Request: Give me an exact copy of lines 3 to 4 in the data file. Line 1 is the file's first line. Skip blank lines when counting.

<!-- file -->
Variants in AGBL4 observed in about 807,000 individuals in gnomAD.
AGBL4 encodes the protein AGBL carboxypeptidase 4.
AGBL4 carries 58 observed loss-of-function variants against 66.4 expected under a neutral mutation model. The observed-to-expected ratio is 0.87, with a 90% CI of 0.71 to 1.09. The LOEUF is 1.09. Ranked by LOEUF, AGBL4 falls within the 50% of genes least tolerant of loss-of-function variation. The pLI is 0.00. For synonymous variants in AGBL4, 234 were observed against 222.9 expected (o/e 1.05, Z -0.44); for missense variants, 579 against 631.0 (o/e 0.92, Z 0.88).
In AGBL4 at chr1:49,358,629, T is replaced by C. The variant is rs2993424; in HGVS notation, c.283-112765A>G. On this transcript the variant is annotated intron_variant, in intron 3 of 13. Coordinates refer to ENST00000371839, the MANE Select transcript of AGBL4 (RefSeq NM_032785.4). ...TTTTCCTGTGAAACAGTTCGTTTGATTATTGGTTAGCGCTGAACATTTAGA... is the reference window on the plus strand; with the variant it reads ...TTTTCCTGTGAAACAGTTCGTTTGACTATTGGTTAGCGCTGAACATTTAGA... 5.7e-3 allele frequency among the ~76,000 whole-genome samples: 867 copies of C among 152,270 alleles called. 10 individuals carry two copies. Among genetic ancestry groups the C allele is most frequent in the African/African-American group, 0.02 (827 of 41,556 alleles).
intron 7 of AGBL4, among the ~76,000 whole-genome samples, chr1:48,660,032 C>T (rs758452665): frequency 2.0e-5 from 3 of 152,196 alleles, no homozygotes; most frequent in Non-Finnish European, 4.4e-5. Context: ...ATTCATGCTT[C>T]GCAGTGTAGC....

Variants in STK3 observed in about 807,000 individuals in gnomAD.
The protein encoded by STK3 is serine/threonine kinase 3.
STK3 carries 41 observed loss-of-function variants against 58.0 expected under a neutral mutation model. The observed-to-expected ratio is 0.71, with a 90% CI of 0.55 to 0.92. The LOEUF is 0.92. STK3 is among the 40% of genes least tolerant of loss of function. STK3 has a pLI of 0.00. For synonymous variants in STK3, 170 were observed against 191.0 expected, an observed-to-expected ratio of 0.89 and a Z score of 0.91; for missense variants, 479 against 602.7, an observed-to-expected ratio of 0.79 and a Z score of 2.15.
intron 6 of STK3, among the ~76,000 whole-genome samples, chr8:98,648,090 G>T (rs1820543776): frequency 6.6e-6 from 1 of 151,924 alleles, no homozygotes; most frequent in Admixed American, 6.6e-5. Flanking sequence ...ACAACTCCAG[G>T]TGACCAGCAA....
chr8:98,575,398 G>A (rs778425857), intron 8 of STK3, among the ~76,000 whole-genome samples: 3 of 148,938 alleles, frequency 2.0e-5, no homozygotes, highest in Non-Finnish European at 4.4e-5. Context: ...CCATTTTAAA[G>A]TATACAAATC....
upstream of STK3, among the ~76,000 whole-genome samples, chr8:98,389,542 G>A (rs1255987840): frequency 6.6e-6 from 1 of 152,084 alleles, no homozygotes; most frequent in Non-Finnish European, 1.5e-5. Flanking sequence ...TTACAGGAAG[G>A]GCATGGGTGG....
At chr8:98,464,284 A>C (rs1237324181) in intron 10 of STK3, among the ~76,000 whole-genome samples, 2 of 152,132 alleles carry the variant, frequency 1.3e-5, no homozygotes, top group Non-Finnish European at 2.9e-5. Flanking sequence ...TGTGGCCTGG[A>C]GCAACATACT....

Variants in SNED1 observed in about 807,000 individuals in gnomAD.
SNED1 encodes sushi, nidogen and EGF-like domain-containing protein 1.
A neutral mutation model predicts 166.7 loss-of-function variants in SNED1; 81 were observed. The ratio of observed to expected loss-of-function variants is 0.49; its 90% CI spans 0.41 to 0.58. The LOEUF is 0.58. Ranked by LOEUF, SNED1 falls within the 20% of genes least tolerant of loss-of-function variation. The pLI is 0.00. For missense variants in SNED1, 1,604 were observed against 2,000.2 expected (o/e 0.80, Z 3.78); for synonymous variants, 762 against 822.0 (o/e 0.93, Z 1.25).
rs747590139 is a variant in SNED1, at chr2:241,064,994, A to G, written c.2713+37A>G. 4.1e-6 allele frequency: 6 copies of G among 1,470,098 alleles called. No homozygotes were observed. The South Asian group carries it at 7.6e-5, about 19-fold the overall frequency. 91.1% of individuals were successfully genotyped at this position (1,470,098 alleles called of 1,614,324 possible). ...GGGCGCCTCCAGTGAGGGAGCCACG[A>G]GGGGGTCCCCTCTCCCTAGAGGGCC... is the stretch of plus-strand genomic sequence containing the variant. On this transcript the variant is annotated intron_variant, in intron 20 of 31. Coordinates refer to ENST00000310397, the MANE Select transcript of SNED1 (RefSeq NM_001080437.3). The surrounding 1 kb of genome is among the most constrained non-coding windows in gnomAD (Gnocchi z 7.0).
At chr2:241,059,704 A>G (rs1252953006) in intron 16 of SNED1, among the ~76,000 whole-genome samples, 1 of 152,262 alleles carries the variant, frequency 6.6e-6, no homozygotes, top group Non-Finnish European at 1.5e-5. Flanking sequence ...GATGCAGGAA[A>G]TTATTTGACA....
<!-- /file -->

AGBL4 carries 58 observed loss-of-function variants against 66.4 expected under a neutral mutation model. The observed-to-expected ratio is 0.87, with a 90% CI of 0.71 to 1.09. The LOEUF is 1.09. Ranked by LOEUF, AGBL4 falls within the 50% of genes least tolerant of loss-of-function variation. The pLI is 0.00. For synonymous variants in AGBL4, 234 were observed against 222.9 expected (o/e 1.05, Z -0.44); for missense variants, 579 against 631.0 (o/e 0.92, Z 0.88).
In AGBL4 at chr1:49,358,629, T is replaced by C. The variant is rs2993424; in HGVS notation, c.283-112765A>G. On this transcript the variant is annotated intron_variant, in intron 3 of 13. Coordinates refer to ENST00000371839, the MANE Select transcript of AGBL4 (RefSeq NM_032785.4). ...TTTTCCTGTGAAACAGTTCGTTTGATTATTGGTTAGCGCTGAACATTTAGA... is the reference window on the plus strand; with the variant it reads ...TTTTCCTGTGAAACAGTTCGTTTGACTATTGGTTAGCGCTGAACATTTAGA... 5.7e-3 allele frequency among the ~76,000 whole-genome samples: 867 copies of C among 152,270 alleles called. 10 individuals carry two copies. Among genetic ancestry groups the C allele is most frequent in the African/African-American group, 0.02 (827 of 41,556 alleles).